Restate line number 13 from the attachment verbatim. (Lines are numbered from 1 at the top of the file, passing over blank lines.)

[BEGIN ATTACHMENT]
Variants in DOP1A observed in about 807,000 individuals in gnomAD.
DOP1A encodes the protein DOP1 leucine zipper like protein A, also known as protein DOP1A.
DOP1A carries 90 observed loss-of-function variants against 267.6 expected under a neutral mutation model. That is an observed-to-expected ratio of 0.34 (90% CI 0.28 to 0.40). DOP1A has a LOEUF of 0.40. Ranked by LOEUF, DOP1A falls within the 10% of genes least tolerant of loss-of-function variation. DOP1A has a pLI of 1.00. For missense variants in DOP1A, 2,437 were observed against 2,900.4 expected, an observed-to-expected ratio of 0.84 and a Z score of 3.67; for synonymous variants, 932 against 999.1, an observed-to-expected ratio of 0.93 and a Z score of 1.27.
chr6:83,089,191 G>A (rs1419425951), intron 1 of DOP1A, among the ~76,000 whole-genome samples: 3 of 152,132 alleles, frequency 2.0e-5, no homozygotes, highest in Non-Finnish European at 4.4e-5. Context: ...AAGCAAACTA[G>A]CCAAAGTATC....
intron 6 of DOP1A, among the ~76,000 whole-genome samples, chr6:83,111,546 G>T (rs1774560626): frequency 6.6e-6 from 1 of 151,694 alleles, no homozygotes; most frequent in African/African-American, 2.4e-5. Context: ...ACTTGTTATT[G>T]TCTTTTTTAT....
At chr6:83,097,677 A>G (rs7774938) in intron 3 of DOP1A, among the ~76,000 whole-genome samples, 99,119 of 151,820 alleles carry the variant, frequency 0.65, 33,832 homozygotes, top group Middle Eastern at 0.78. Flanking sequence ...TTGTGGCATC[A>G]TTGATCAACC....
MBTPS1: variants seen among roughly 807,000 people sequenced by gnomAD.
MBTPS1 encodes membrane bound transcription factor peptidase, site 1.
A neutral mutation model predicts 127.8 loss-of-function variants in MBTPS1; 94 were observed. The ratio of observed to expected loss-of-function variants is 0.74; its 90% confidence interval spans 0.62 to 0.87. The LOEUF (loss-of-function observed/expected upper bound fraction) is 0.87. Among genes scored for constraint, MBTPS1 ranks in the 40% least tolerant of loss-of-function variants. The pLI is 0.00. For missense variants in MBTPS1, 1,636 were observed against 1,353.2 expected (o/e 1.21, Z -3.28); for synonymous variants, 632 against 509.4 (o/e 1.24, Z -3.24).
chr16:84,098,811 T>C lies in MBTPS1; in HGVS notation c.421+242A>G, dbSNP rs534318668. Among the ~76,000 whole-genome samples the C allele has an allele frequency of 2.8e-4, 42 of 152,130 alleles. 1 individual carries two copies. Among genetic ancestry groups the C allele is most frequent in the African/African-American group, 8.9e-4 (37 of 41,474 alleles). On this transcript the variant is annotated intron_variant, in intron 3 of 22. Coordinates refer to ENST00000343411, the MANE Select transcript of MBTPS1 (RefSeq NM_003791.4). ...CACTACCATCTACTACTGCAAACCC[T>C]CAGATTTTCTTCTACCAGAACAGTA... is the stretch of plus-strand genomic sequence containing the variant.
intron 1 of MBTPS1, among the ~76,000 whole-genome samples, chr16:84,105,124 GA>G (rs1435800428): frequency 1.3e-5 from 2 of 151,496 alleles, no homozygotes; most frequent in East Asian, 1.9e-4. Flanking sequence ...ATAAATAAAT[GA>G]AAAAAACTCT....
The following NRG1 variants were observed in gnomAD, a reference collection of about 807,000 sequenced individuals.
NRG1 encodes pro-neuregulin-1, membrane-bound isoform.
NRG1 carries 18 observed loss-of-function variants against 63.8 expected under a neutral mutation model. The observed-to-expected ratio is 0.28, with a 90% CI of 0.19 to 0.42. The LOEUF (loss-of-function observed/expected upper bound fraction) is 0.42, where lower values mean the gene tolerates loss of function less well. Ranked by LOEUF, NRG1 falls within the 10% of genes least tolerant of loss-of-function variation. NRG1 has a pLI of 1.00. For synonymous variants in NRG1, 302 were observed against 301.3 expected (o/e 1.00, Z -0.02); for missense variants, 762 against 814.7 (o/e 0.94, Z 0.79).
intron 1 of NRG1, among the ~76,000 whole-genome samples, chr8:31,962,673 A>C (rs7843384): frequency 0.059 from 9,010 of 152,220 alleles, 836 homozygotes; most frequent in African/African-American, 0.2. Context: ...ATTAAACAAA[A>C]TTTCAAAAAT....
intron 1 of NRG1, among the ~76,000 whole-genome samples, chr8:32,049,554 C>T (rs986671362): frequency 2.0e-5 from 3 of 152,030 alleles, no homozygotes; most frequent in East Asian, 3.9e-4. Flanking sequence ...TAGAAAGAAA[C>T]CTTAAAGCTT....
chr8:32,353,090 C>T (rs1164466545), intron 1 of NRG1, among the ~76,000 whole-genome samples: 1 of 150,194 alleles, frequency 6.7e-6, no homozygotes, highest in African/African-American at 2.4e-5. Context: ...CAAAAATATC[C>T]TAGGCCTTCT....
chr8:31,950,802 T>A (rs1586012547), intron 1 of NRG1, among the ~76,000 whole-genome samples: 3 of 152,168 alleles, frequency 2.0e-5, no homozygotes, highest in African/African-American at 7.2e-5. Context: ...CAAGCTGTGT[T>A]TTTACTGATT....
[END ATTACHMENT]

NRG1 encodes pro-neuregulin-1, membrane-bound isoform.